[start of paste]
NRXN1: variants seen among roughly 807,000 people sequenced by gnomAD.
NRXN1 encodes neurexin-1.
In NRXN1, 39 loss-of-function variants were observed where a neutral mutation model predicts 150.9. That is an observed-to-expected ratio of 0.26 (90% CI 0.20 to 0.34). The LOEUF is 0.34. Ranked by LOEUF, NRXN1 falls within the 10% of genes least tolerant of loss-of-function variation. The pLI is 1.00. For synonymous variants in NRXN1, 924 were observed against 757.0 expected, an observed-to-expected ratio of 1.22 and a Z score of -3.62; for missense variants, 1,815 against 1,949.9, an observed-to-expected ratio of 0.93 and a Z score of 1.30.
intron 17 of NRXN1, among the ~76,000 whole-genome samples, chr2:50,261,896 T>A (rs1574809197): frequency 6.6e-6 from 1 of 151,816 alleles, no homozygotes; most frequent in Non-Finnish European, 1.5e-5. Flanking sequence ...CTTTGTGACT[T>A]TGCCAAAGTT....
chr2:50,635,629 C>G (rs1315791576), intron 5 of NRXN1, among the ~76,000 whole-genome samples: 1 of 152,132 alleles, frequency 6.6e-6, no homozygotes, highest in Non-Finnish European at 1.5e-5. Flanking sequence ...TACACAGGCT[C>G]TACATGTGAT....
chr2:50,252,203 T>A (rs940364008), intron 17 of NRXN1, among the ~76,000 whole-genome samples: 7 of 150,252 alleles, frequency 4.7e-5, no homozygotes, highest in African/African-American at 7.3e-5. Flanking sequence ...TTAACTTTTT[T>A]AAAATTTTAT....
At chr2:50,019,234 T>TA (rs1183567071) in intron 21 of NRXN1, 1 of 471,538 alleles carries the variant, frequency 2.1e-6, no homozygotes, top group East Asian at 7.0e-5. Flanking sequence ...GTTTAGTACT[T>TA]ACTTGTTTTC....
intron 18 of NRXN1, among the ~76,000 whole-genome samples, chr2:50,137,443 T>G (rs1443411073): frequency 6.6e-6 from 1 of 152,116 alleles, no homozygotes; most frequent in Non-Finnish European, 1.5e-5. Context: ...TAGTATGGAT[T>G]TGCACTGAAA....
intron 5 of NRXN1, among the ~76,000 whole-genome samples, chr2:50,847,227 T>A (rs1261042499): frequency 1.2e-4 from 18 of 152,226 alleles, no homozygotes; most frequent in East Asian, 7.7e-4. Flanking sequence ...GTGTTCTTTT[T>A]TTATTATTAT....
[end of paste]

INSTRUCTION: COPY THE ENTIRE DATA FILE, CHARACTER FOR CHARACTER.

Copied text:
NRXN1: variants seen among roughly 807,000 people sequenced by gnomAD.
NRXN1 encodes neurexin-1.
In NRXN1, 39 loss-of-function variants were observed where a neutral mutation model predicts 150.9. That is an observed-to-expected ratio of 0.26 (90% CI 0.20 to 0.34). The LOEUF is 0.34. Ranked by LOEUF, NRXN1 falls within the 10% of genes least tolerant of loss-of-function variation. The pLI is 1.00. For synonymous variants in NRXN1, 924 were observed against 757.0 expected, an observed-to-expected ratio of 1.22 and a Z score of -3.62; for missense variants, 1,815 against 1,949.9, an observed-to-expected ratio of 0.93 and a Z score of 1.30.
intron 17 of NRXN1, among the ~76,000 whole-genome samples, chr2:50,261,896 T>A (rs1574809197): frequency 6.6e-6 from 1 of 151,816 alleles, no homozygotes; most frequent in Non-Finnish European, 1.5e-5. Flanking sequence ...CTTTGTGACT[T>A]TGCCAAAGTT....
chr2:50,635,629 C>G (rs1315791576), intron 5 of NRXN1, among the ~76,000 whole-genome samples: 1 of 152,132 alleles, frequency 6.6e-6, no homozygotes, highest in Non-Finnish European at 1.5e-5. Flanking sequence ...TACACAGGCT[C>G]TACATGTGAT....
chr2:50,252,203 T>A (rs940364008), intron 17 of NRXN1, among the ~76,000 whole-genome samples: 7 of 150,252 alleles, frequency 4.7e-5, no homozygotes, highest in African/African-American at 7.3e-5. Flanking sequence ...TTAACTTTTT[T>A]AAAATTTTAT....
At chr2:50,019,234 T>TA (rs1183567071) in intron 21 of NRXN1, 1 of 471,538 alleles carries the variant, frequency 2.1e-6, no homozygotes, top group East Asian at 7.0e-5. Flanking sequence ...GTTTAGTACT[T>TA]ACTTGTTTTC....
intron 18 of NRXN1, among the ~76,000 whole-genome samples, chr2:50,137,443 T>G (rs1443411073): frequency 6.6e-6 from 1 of 152,116 alleles, no homozygotes; most frequent in Non-Finnish European, 1.5e-5. Context: ...TAGTATGGAT[T>G]TGCACTGAAA....
intron 5 of NRXN1, among the ~76,000 whole-genome samples, chr2:50,847,227 T>A (rs1261042499): frequency 1.2e-4 from 18 of 152,226 alleles, no homozygotes; most frequent in East Asian, 7.7e-4. Flanking sequence ...GTGTTCTTTT[T>A]TTATTATTAT....